Reconnecting with the front-line
Published on 14 September 2017
“Clearly I’m impacted by having spent most of my life working outside of corporate headquarters, and I do see myself as a voice for the front-line staff” Henriette Thygesen, CEO of Svitzer.
Every morning Henriette Thygesen cycles the 6km from her home to work at Svitzer HQ in Copenhagen. On the way, she often stops to talk to the crew on-board Svitzer Hermod, Svitzer Bjorn or one of the other tugs frequently moored directly outside the head office in Nordhavn in Copenhagen.
Thygesen took the helm at Svitzer in September 2016 from the previous CEO, Robert Uggla, following a 23-year long career working across different businesses in A.P. Moller Maersk. Her most recent role being that of CEO at Damco Americas. Back at head office today, having spent years working on the front line herself, it is clear that strengthening the connection between onshore staff and those at sea is an issue close to Thygesen’s heart.
“Clearly I’m impacted by having spent most of my life working outside of corporate headquarters, and I do see myself as a voice for the front-line staff,” says Thygesen.
“The attitude I would like to install is that we in the leadership team all need to maintain that link, and the humbleness to recognise that there are a lot of things we don’t know – you always have to be open to learn and develop.”
“We have a lot of dedicated and capable people in Svitzer,” she adds. “We need to ensure that as a company we have a leadership style that empowers them to do their job as best as possible.”
Learning from the port managers
As Svitzer’s new strategy “Staying Ahead” is launched around the world, Thygesen recognises that it’s the teams at the forefront of the business who will be key to making it a success.
As a result, port managers around the world play an important role. “Port managers are a vital link in reconnecting with the frontline to leverage their operational expertise and benefit from what they know,” says Thygesen. “We want to empower these frontline leaders across Svitzer in making the new strategy relevant on the tugs and in engaging the crews in the best way.”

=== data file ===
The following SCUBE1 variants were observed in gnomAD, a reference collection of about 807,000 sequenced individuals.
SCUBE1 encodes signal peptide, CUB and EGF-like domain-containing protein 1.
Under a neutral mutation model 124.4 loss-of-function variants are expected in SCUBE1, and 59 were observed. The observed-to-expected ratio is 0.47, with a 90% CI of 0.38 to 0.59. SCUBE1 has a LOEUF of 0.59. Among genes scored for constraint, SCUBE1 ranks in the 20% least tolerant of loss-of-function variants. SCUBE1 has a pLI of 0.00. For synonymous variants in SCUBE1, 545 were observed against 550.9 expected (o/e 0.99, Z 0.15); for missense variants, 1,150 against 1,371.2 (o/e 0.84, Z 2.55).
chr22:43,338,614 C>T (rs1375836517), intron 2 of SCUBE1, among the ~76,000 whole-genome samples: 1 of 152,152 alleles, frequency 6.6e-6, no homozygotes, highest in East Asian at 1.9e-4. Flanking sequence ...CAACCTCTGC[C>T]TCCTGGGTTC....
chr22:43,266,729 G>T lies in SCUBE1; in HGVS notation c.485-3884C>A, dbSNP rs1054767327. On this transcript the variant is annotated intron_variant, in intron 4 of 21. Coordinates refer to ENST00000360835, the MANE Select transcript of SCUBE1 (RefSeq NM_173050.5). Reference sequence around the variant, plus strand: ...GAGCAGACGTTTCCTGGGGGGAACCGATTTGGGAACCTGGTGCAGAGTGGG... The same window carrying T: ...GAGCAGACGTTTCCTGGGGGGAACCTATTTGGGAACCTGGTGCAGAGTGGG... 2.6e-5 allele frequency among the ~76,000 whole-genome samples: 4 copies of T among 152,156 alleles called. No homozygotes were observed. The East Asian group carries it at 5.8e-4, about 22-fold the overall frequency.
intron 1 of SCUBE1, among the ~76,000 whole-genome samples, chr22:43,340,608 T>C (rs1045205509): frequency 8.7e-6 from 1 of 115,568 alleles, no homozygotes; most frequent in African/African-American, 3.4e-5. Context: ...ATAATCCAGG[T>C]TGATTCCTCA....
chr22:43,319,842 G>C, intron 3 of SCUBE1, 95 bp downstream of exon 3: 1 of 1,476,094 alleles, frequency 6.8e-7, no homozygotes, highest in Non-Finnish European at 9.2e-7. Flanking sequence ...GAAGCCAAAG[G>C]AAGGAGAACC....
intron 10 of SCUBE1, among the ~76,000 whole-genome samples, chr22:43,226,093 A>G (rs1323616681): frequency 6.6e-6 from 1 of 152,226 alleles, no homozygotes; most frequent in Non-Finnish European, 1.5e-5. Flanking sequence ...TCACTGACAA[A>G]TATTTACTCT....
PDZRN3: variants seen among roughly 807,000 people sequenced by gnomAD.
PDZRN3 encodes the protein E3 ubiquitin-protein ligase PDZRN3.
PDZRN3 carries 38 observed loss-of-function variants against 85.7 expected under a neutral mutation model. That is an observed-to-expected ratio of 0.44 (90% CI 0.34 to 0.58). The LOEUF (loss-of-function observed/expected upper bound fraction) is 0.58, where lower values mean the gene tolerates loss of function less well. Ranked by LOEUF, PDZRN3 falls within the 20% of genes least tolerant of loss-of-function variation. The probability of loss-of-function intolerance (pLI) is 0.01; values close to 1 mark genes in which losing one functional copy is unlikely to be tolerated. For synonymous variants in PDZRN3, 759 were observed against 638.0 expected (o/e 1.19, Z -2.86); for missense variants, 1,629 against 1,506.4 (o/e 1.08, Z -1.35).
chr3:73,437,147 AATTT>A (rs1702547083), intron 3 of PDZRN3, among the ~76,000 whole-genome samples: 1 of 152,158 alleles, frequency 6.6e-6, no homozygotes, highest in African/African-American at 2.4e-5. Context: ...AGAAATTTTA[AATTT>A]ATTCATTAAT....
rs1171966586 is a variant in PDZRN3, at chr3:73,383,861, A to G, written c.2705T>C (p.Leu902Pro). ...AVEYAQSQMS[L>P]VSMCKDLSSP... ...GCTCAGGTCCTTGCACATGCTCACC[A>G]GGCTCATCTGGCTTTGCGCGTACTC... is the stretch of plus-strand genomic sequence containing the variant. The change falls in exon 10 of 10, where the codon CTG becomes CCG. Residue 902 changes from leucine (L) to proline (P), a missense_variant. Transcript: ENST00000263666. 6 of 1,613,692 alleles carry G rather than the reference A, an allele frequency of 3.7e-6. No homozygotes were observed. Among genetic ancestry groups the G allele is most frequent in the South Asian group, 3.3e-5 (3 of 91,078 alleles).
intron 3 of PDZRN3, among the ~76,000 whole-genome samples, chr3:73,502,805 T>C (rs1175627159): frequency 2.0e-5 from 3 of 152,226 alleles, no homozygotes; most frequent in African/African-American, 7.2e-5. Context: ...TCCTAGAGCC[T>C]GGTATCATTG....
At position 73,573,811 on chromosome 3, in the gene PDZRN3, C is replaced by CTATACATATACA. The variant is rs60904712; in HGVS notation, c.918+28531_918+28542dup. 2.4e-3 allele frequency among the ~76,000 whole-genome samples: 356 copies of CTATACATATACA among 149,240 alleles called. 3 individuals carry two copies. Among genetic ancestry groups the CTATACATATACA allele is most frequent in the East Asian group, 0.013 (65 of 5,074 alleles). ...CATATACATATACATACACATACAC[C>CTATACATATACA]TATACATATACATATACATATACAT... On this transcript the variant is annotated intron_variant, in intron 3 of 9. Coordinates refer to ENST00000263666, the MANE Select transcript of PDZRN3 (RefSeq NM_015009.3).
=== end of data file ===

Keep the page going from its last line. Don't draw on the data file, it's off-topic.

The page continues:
Every morning Henriette Thygesen cycles the 6km from her home to work at Svitzer HQ in Nordhavn in Copenhagen. On the way, she often stops to talk to the crew on-board Svitzer Hermod, Svitzer Bjorn or one of the other tugs frequently moored directly outside the head office – here together with Anders Bak Pedersen, master of Svitzer Hermod.
In the European region for example, port managers were given a first look at the strategy and encouraged to prepare relevant activities and initiatives in their own ports before the actual launch.
“It’s our people at the front-line who will know if there’s an un-serviced opportunity with a customer, or who can spot an under-utilised cost-saving opportunity. We have to learn from them and capitalise on their experience. Imagine if we had crews in 135 ports around the world actively identifying the opportunities and feeding them back?”
Making size matter
As a global company with operations in 32 countries, Thygesen is on a mission to leverage what she refers to as Svitzer’s “global ownership advantage”. The new strategy aims to use the company’s size to stay one step ahead of the competition, rather than becoming a cost drain.
“We have an advantage that sets us apart from our competitors,” explains Thygesen. “In some places we compete with the local towage firm that may just have one or a couple of tugs. We have much bigger overheads and we need to ensure that this is being put to good use.”
As she bluntly puts it: “If we don’t use our size to make a difference, this office and our regional offices are all just overheads, just an extra cost to the frontline.”
“This involves collaborating as a global team; and sharing assets, capabilities and best practice across ports and regions.”